post #63 of 161
Bryce, don't you know that in this crazy, morally relativist world, there is no difference between fact and opinion?
post #64 of 161
Not to be too much of a lawyer pain in the ass (redundancy), but they are technically neither facts nor opinions until we know the basis of the assertion by the poster. If it is based on his experience, study, and acquisition of information - likely fact. If the poster was just spouting - likely opinion. However, since the statements were qualified by words such as "most" and were posted by someone with reasonable credibility, I would be inclined to classify most of the statements as "fact."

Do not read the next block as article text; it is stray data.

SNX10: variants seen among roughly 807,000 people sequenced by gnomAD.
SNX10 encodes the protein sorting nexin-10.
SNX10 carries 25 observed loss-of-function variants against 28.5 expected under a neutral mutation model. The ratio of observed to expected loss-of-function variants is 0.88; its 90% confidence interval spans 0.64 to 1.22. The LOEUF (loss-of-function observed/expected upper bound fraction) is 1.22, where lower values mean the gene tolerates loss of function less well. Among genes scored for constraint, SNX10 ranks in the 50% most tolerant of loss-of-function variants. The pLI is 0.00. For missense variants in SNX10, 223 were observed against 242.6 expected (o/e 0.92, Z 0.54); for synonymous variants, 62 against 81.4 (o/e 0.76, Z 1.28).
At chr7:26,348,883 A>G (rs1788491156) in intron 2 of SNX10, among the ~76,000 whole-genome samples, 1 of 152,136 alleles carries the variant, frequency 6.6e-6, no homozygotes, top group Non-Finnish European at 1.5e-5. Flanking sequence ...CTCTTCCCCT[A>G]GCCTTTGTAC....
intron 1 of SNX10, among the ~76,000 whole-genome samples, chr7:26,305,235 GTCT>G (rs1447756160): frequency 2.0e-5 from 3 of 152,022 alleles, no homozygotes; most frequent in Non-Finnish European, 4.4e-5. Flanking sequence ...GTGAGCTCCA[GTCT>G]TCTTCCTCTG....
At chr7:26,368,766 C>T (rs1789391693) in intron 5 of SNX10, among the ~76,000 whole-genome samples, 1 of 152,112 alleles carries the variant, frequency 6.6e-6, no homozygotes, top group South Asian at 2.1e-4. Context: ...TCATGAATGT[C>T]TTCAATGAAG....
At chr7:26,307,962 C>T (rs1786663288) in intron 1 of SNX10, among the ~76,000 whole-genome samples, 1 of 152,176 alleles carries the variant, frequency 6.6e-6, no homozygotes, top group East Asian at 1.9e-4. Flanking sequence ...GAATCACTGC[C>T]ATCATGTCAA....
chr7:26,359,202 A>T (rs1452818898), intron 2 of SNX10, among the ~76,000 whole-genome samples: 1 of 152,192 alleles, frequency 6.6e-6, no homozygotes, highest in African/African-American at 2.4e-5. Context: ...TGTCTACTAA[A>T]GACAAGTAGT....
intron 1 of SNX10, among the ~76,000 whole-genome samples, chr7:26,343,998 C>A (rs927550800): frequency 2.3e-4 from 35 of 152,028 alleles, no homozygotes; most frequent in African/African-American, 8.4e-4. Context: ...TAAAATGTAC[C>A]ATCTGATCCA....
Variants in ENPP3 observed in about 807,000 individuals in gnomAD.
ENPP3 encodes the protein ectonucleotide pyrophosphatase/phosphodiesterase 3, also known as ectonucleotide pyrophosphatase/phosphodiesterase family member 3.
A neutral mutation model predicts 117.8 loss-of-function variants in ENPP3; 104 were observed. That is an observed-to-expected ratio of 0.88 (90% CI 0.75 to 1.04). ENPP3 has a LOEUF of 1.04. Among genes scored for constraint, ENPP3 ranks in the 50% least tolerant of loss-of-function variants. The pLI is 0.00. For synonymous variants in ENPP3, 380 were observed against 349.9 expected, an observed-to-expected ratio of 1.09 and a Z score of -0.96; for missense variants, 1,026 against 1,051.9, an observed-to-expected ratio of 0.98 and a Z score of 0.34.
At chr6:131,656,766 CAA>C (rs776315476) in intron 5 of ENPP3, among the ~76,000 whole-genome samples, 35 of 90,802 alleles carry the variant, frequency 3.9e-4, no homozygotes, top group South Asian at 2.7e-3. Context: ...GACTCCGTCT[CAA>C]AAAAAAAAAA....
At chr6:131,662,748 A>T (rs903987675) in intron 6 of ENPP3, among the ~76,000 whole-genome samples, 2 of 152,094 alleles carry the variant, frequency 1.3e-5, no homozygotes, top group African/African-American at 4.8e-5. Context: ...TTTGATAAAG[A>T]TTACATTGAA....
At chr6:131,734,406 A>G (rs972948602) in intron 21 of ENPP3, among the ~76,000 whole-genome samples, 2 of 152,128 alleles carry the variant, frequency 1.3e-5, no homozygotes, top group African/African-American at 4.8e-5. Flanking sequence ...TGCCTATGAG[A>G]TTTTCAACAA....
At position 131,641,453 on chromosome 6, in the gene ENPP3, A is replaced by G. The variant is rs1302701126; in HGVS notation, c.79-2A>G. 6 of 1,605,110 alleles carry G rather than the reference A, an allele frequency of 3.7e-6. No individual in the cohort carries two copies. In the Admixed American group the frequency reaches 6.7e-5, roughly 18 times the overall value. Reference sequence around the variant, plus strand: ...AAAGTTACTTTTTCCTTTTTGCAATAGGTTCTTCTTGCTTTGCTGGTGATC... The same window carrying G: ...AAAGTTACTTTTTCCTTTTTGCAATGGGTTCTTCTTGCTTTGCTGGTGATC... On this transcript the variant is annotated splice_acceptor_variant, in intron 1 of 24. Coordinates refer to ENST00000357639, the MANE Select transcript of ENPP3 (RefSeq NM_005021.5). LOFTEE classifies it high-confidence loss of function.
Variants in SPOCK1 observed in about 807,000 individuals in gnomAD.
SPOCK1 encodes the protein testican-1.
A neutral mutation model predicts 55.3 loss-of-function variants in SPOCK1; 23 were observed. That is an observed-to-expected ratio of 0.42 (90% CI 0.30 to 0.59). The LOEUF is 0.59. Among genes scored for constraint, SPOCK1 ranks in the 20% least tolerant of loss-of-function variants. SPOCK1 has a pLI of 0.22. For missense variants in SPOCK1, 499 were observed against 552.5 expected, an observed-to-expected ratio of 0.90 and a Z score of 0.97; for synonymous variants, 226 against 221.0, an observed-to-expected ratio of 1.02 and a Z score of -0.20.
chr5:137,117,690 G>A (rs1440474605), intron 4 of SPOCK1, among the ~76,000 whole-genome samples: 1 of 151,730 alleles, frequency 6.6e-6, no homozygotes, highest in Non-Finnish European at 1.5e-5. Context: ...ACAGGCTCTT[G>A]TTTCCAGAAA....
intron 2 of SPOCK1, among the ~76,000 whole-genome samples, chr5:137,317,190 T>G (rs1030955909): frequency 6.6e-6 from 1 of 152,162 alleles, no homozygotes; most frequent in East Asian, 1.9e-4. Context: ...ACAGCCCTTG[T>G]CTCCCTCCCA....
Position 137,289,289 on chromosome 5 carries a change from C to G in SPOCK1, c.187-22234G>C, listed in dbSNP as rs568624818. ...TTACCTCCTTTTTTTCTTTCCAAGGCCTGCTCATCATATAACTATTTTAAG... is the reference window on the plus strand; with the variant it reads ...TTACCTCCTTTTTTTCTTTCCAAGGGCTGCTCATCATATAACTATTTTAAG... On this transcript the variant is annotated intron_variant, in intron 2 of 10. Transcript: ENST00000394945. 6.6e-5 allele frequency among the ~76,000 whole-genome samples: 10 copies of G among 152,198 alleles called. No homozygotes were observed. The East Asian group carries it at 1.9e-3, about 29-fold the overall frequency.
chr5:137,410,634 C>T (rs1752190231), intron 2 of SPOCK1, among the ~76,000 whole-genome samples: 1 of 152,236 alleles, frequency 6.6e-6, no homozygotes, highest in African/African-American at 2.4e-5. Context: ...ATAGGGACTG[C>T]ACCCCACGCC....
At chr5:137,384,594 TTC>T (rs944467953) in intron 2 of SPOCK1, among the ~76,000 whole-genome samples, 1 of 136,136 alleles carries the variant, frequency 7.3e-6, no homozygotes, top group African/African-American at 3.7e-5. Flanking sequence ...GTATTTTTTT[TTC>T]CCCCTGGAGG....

post #65 of 161